What do we do? - SMART Recovery UK

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* SMART Recovery UK *

· Home
/Back to base/
· About
/SMART/

· Introducing SMART Recovery
· Who are we?
· What do we do?
· Keeping SMART Safe
· News and Newsletters
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· Community
/Online/

· About our Community
· Community Blogs
· Testimonials
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· Meetings
/Directory/

· On-line meetings

· Resources
/Library/

· SMART Handbook
· Recommended Reading

· For people in Recovery
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· Headsets for online meetings

· Historical interest
· Tool Chest
· Articles and Essays

· Facilitators
/Resources/

· Why become a SMART facilitator?
· How to become a facilitator
· The Facilitator's role
· How we support facilitators
· About the training

· Partners

· Overview of Partnership scheme
· Guidance for Partners
· Resources for Partners
· Current Partners
· Partnership Meetings Directory

* What do we do? *

-We run meetings-

Our core activity is running a network of self help / mutual aid meetings
where, through open and confidential discussion, participants help each
other and themselves with recovery from any kind of addictive behaviour. 

-We are a Recovery Community-

SMART Recovery is inspired by the traditions and history of mutual aid,
both in addictions and other walks of life. We believe that being part of a
community of recovery makes it more likely that we will succeed and become
stronger in our own recovery journeys.  It is what our experience tells
us, but it is also what science is saying as well - spend more time with
people who are succeeding at what you want to do and you are more likely
to succeed yourself!  

-We run an on-line Community-

Our community of recovery also


Source: www.smartrecovery.org.uk/about/what-we-do


are there aa meetings on holidays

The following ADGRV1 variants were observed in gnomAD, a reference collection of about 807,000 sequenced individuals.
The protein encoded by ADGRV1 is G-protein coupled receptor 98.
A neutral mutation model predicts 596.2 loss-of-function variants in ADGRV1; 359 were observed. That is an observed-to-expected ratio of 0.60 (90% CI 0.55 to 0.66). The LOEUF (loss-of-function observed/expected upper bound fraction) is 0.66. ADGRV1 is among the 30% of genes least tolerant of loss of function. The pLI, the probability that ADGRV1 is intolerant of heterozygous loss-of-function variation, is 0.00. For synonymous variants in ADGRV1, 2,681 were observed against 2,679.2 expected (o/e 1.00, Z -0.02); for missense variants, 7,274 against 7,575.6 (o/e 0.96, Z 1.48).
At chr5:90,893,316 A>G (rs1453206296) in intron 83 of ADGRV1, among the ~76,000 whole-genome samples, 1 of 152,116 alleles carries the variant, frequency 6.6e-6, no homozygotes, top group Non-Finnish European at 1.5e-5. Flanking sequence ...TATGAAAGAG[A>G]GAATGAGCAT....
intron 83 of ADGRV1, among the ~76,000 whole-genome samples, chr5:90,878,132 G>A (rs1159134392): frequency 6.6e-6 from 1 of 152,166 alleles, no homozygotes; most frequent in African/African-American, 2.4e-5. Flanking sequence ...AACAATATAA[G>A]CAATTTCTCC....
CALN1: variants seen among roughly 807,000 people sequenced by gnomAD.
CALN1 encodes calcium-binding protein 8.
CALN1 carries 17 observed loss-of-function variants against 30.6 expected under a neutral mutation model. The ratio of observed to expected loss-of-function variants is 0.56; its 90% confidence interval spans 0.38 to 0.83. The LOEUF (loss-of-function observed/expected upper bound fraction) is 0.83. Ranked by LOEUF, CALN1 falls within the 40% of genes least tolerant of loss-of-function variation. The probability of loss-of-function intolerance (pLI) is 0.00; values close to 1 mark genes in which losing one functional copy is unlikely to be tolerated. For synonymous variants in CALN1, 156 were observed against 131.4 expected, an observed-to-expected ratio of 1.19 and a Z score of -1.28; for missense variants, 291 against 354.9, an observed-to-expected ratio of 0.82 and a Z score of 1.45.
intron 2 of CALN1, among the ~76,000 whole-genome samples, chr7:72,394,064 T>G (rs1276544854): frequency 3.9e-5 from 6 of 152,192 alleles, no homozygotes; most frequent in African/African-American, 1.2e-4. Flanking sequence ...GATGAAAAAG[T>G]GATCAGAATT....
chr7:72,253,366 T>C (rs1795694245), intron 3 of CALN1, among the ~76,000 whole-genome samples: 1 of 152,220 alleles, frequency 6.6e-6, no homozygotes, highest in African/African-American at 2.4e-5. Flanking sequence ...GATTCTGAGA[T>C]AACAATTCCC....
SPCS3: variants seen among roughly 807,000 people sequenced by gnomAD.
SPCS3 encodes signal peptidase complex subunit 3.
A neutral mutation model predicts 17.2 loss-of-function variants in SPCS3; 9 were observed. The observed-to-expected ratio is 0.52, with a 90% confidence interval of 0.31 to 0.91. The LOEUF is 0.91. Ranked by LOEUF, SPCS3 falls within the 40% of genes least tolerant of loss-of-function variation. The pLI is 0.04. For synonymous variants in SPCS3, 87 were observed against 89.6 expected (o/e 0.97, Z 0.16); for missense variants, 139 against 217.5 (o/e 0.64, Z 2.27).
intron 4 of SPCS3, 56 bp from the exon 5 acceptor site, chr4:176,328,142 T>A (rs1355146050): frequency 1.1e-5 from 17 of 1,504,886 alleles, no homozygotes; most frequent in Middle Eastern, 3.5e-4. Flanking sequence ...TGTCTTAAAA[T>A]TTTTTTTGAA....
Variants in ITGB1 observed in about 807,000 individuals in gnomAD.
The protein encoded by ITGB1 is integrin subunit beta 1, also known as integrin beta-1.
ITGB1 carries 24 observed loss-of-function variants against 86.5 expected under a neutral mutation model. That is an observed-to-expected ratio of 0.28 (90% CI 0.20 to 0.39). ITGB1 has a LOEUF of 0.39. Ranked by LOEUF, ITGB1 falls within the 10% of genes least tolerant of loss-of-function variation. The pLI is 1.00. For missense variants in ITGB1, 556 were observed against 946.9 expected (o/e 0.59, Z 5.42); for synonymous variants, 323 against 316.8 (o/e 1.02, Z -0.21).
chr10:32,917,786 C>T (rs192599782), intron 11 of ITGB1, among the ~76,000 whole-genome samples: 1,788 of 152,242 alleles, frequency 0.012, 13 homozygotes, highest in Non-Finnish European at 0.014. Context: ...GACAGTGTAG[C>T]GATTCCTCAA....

Alcoholics Anonymous - Wikipedia, the free encyclopedia

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** Alcoholics Anonymous **

From Wikipedia, the free encyclopedia
Jump to: navigation, search
AA meeting sign

*Alcoholics Anonymous* (*AA*) is an international mutual aid fellowship
founded in 1935 by Bill Wilson and Dr. Bob Smith (Bill W. and Dr. Bob) in
Akron, Ohio. AA states that its "primary purpose is to stay sober and help
other alcoholics achieve sobriety".^[1]^[2]^[3] With other early members
Wilson and Smith developed AA's Twelve Step program of spiritual and
character development. AA's Twelve Traditions were introduced in 1946 to
help AA stabilize and grow. The Traditions recommend that members and
groups remain anonymous in public media, altruistically help other
alcoholics, including all who wish to stop drinking, and do not affiliate
AA with any other organization. The Traditions also recommend that AA
members acting on behalf of the fellowship steer clear of dogma, governing
hierarchies and involvement in public issues. Subsequent fellowships such
as Narcotics Anonymous have adopted and adapted the Twelve Steps and the
Twelve Traditions to their respective primary purposes.^[4]^[5]

AA has no opinion on the medical nature of alcoholism; nonetheless AA is
regarded, by many, as a proponent and popularizer of the disease theory of
alcoholism.^[4]^[6]^[7]^[8] AA is credited with helping many alcoholics
achieve and maintain sobriety.^[9] The American Psychiatric Association has
recommended sustained treatment in conjunction with AA's program, or
similar community resources, for chronic alcoholics unresponsive to brief
treatment.^[10] AA's data show that 36% are still attending AA a year after
their first meetings.^[11]^[12]

The first female member Florence Rankin joined AA in March 1937,^[13]^[14]
and the first non-Protestant member, a Roman Catholic, joined in 1939.^[15]
AA membership has since spread "across diverse cultures holding different
beliefs and values", including geopolitical areas resistant to


Source: en.wikipedia.org/wiki/Alcoholics_Anonymous

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